A Foggy Night at Kaʻohe

Foggy? Well? Mostly the skies were the beautiful dark Mauna Kea skies we enjoy. Mostly. The fog did flirt with us much of the night, rolling over hard for about half an hour, blotting out the stars for a while.

The Phelps family enjoys the skies at Kaʻohe
The Phelps family enjoys the skies at Kaʻohe

Despite a dire forecast for moisture on the mauna, the weather at Kaʻohe was quite nice aside from a bit of fog. The big telescopes atop the mauna were closed for much of the night in fog and even a little light snow, while we were enjoying the stars in the eyepiece.

There were ten folks who drove up the mauna to enjoy the night… Maureen, Cathy, Andrew, John, Cliff, and myself. Plus all four members of the Phelps family with their own telescope.

The view after sunset was stunning, Jupiter and Venus in a close pair over the summit of Hualālai deep in the bright zodiacal light. The Milky Way arched over the northern sky from Sagittarius to Cassiopeia.

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A Moonlit Night at Kaʻohe

It was Norman who started it.

The last glow of Sunset over Hualālai, with Venus just about to set behind the mauna and Jupiter high above.
The last glow of Sunset over Hualālai, with Venus just about to set behind the mauna and Jupiter high above.

An innocent email… Anyone interested in a star party this weekend?

Last weekend’s new Moon star party had been a bust, heavy clouds overhead were a disappointment to those of us waiting for a good dark night.

Given the positive response to Norman’s email there seems to be a few folks ready to go despite a bright Moon in the sky. With the weather looking good the Saturday afternoon email flurry showed that a few folks were going, thus I joined in.

As per Mauna Kea normal I drove through the clouds, heavy fog on Saddle Road just a mile from Kaʻohe made the trip seem hopeless. But as I neared the turn I suddenly found myself above the clouds, the bright Moon high over Hualalai.

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A Night Between Hurricanes at Kaʻohe

Our monthly dark skies star party had been originally planned for the night of July 27th, a few days before full Moon. With the governor’s emergency order all access to the mauna was closed, and the gals at the DLNR office let me know I could not get a permit. With that I put out a message I hate to post… Star party cancelled.

The NexStar 11 setup under the Milky Way at Kaʻohe
The NexStar 11 setup under the Milky Way at Kaʻohe, photo processed with Prisma

One week later and things look better, the emergency order has been rescinded and we again have access to the mauna, no problem getting our permit.

The problem this time looked to be weather, no big problem… Just a couple of hurricanes.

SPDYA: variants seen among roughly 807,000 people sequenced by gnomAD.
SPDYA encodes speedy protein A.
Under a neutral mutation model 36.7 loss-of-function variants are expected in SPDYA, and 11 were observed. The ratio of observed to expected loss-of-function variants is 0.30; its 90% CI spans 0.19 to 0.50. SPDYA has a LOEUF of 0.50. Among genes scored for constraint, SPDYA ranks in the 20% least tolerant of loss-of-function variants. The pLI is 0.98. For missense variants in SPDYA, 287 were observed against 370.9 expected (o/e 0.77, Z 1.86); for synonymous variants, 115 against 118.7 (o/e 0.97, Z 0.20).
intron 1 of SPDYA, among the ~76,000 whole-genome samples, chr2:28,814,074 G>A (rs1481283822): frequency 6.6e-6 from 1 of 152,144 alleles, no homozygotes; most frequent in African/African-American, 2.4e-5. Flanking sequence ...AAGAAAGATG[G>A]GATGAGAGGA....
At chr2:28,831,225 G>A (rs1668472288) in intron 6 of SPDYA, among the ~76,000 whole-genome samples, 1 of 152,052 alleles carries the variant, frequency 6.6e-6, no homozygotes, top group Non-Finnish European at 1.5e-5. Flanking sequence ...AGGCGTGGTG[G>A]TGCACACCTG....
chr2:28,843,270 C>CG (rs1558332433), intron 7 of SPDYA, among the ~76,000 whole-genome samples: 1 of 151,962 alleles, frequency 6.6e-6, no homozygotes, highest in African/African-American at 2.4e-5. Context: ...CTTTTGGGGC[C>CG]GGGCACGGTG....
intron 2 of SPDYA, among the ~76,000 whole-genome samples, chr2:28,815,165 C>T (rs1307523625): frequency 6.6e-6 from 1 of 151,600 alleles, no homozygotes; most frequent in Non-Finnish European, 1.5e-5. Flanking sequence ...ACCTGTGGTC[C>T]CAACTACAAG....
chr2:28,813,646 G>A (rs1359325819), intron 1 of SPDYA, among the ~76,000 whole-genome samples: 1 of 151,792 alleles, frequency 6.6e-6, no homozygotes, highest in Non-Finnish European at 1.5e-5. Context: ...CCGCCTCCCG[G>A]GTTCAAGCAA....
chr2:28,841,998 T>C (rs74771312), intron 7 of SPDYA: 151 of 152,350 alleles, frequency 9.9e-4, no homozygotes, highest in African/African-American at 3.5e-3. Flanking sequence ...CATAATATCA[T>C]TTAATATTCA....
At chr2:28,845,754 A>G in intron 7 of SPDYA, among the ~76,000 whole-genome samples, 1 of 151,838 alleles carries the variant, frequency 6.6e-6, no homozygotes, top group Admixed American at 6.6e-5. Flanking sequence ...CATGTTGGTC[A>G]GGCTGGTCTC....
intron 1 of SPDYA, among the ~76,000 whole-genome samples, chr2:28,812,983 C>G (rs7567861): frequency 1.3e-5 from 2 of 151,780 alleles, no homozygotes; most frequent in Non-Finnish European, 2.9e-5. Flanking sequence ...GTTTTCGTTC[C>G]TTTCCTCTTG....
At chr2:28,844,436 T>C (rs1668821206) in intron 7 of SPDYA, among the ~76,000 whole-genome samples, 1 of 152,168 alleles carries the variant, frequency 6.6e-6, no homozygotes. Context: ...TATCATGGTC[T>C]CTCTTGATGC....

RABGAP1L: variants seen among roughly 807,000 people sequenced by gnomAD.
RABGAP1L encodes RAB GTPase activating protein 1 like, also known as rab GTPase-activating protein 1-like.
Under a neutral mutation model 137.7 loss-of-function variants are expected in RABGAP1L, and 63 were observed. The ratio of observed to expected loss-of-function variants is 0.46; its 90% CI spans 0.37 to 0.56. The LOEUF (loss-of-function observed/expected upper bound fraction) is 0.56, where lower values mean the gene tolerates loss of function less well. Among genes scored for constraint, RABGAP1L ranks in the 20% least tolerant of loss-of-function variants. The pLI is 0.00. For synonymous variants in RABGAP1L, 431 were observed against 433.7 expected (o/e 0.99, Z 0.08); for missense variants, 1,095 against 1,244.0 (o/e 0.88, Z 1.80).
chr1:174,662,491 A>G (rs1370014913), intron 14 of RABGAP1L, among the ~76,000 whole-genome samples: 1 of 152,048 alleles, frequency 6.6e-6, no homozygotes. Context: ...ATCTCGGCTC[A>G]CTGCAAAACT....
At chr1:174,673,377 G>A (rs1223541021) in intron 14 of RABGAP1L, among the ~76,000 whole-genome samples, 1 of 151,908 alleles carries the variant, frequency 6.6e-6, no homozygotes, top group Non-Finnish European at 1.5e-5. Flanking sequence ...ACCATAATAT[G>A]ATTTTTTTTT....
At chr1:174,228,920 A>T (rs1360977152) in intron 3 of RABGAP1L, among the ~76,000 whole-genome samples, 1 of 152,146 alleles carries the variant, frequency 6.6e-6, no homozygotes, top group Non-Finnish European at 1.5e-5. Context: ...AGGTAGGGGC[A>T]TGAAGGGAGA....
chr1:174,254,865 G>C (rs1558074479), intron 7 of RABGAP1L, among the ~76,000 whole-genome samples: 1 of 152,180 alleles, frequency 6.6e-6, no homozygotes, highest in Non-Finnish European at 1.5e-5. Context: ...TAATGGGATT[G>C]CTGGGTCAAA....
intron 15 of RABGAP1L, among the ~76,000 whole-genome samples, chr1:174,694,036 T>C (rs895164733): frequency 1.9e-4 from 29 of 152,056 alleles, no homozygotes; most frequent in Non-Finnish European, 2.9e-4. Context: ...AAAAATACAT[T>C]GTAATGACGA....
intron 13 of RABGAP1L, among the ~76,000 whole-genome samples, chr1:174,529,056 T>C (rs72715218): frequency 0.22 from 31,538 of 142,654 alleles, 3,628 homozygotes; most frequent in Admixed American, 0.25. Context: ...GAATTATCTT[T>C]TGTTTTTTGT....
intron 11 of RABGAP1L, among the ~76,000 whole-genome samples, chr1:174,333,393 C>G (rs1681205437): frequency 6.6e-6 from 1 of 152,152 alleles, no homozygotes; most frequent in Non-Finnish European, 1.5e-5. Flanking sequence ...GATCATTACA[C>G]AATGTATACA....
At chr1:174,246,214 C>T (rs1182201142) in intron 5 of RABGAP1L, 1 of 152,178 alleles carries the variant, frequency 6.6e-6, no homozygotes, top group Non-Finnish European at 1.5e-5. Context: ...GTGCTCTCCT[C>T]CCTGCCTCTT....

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A Crisp Night at Kaʻohe

I was a bit concerned as I drove to the site, a heavy fog all the way up Saddle Road persisted as I turned off on the old Saddle Road to climb the ridge to Kilohana. It was not until halfway up the gravel access road that I broke out of the fog, just a hundred yards before the Kaʻohe site.

The restored 8" f/6 Cave Astrola under a dark sky at Kaʻohe
The restored 8″ f/6 Cave Astrola under a dark sky at Kaʻohe

On top of the fog it was gorgeous, a beautifully clear sky overhead with the first stars peeking out. Time to setup a telescope!

I brought the restored 8″ Cave Astrola expecting to spend the evening exploring the clusters and nebulae of the southern Milky Way in Scorpio or a bit further south. This rich region would be well positioned through the night.

We had a small group this particular evening, just six of us… Andre and Anna, Maureen, Andrew, Cliff, and myself set up by the gravel pile. There were pleasant conversations in the night, cookies and brownies to share, and views through each other’s telescopes.

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Kaʻohe Observing

A nice night at Kaʻohe last night for the members of the West Hawaii Asrtonomy Club. As usual it was cloudy when we arrived, but cleared just after sunset leaving a very nice sky. While heavy dew shut most of us dawn after 11pm, we had several hours of very nice observing.

A Dark Night at Kaʻohe

A few months back I was reminded that I was remiss in scheduling proper club star parties. Thus I set about fixing that!

Telescope and Observing Table
A telescope and observing table in the dark at Kaʻohe
What about a site? The MKVIS at Hale Pōhaku is a total zoo lately, too many tourists, folks from the club are hesitant to go there for a good dark experience. it can also be cold and windy up there. Since Vaughn left the island a few months back, no one is using the old upper road site at Puʻu Kuainiho.

Thus I compromised at using my favorite site at Kaʻohe. At 5,800ft the site is lower, warmer, and less windy than the VIS. It also represents about half the drive time it takes to get to the VIS, without the tourist crowd. The site is higher and offers more reliable skies than the Puʻu Kuainiho site

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